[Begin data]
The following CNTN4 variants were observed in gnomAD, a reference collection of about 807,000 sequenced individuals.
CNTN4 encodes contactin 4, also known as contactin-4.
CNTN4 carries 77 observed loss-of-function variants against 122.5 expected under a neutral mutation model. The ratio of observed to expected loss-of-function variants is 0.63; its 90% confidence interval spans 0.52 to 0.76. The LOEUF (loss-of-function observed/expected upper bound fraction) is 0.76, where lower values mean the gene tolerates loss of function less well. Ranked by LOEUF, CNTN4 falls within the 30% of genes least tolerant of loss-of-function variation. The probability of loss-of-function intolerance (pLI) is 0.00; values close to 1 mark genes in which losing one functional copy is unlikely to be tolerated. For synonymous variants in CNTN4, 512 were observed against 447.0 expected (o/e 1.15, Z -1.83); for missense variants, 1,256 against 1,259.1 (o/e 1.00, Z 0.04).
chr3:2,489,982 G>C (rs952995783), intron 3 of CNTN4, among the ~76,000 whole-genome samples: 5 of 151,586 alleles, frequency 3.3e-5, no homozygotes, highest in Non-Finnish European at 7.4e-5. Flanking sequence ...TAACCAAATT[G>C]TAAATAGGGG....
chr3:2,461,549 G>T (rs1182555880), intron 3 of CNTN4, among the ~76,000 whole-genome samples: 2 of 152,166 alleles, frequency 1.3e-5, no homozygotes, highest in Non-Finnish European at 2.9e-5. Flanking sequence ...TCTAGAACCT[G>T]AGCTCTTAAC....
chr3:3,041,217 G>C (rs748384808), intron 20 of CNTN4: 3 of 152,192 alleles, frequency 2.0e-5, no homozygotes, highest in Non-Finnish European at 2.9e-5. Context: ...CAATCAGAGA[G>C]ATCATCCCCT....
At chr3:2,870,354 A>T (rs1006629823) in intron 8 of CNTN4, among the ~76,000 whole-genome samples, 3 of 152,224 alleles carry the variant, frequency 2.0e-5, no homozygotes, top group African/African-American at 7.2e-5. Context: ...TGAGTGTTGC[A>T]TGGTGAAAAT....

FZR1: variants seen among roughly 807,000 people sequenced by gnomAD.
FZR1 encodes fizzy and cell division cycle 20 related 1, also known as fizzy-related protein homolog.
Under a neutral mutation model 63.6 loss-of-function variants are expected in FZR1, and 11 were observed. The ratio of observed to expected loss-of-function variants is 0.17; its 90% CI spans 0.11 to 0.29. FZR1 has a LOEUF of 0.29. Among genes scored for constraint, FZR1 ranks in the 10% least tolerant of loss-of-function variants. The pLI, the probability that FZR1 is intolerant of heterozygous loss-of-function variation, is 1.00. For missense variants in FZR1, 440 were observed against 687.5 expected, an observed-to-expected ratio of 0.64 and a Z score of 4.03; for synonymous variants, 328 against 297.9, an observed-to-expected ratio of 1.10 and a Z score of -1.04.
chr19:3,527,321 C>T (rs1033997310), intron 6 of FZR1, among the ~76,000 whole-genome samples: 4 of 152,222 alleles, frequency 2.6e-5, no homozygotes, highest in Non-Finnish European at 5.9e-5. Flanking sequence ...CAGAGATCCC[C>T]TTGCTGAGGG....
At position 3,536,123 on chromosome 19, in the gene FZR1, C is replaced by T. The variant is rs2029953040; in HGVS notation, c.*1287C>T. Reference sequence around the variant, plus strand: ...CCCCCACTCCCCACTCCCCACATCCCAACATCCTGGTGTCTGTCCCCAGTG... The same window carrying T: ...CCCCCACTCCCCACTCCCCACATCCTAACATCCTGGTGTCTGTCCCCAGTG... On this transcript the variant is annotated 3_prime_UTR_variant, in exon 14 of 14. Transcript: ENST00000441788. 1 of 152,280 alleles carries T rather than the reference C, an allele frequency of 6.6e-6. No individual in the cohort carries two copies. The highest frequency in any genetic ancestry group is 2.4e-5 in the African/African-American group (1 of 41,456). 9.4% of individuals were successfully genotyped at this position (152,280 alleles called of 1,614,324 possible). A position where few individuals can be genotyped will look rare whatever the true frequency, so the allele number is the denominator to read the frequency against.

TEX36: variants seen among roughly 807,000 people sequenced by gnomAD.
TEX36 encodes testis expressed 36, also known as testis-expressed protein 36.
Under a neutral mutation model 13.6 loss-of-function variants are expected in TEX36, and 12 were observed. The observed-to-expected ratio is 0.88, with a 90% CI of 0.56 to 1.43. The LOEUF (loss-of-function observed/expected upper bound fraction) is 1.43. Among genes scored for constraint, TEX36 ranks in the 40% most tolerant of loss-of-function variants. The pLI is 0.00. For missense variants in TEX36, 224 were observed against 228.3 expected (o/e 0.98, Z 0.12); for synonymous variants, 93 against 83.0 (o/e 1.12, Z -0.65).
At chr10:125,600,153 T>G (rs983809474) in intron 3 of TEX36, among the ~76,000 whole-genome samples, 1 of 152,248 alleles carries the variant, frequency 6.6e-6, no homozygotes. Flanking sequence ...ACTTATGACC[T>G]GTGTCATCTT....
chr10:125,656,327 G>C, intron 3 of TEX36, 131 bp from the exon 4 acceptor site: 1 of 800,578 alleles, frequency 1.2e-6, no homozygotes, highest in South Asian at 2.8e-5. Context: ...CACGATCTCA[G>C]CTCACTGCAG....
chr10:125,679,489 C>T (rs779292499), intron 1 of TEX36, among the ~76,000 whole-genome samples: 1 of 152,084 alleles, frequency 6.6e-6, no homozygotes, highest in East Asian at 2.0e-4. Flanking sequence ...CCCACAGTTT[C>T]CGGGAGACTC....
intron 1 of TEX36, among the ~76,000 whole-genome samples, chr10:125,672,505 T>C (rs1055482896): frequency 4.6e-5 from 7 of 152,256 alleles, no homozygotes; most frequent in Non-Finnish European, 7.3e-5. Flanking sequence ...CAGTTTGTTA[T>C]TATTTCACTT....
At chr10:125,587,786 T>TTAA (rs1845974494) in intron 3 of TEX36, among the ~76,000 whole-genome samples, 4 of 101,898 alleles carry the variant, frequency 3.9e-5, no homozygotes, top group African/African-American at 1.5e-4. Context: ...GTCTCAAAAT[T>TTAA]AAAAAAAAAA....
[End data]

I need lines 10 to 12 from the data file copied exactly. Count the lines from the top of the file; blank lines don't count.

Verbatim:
Under a neutral mutation model 63.6 loss-of-function variants are expected in FZR1, and 11 were observed. The ratio of observed to expected loss-of-function variants is 0.17; its 90% CI spans 0.11 to 0.29. FZR1 has a LOEUF of 0.29. Among genes scored for constraint, FZR1 ranks in the 10% least tolerant of loss-of-function variants. The pLI, the probability that FZR1 is intolerant of heterozygous loss-of-function variation, is 1.00. For missense variants in FZR1, 440 were observed against 687.5 expected, an observed-to-expected ratio of 0.64 and a Z score of 4.03; for synonymous variants, 328 against 297.9, an observed-to-expected ratio of 1.10 and a Z score of -1.04.
chr19:3,527,321 C>T (rs1033997310), intron 6 of FZR1, among the ~76,000 whole-genome samples: 4 of 152,222 alleles, frequency 2.6e-5, no homozygotes, highest in Non-Finnish European at 5.9e-5. Flanking sequence ...CAGAGATCCC[C>T]TTGCTGAGGG....
At position 3,536,123 on chromosome 19, in the gene FZR1, C is replaced by T. The variant is rs2029953040; in HGVS notation, c.*1287C>T. Reference sequence around the variant, plus strand: ...CCCCCACTCCCCACTCCCCACATCCCAACATCCTGGTGTCTGTCCCCAGTG... The same window carrying T: ...CCCCCACTCCCCACTCCCCACATCCTAACATCCTGGTGTCTGTCCCCAGTG... On this transcript the variant is annotated 3_prime_UTR_variant, in exon 14 of 14. Transcript: ENST00000441788. 1 of 152,280 alleles carries T rather than the reference C, an allele frequency of 6.6e-6. No individual in the cohort carries two copies. The highest frequency in any genetic ancestry group is 2.4e-5 in the African/African-American group (1 of 41,456). 9.4% of individuals were successfully genotyped at this position (152,280 alleles called of 1,614,324 possible). A position where few individuals can be genotyped will look rare whatever the true frequency, so the allele number is the denominator to read the frequency against.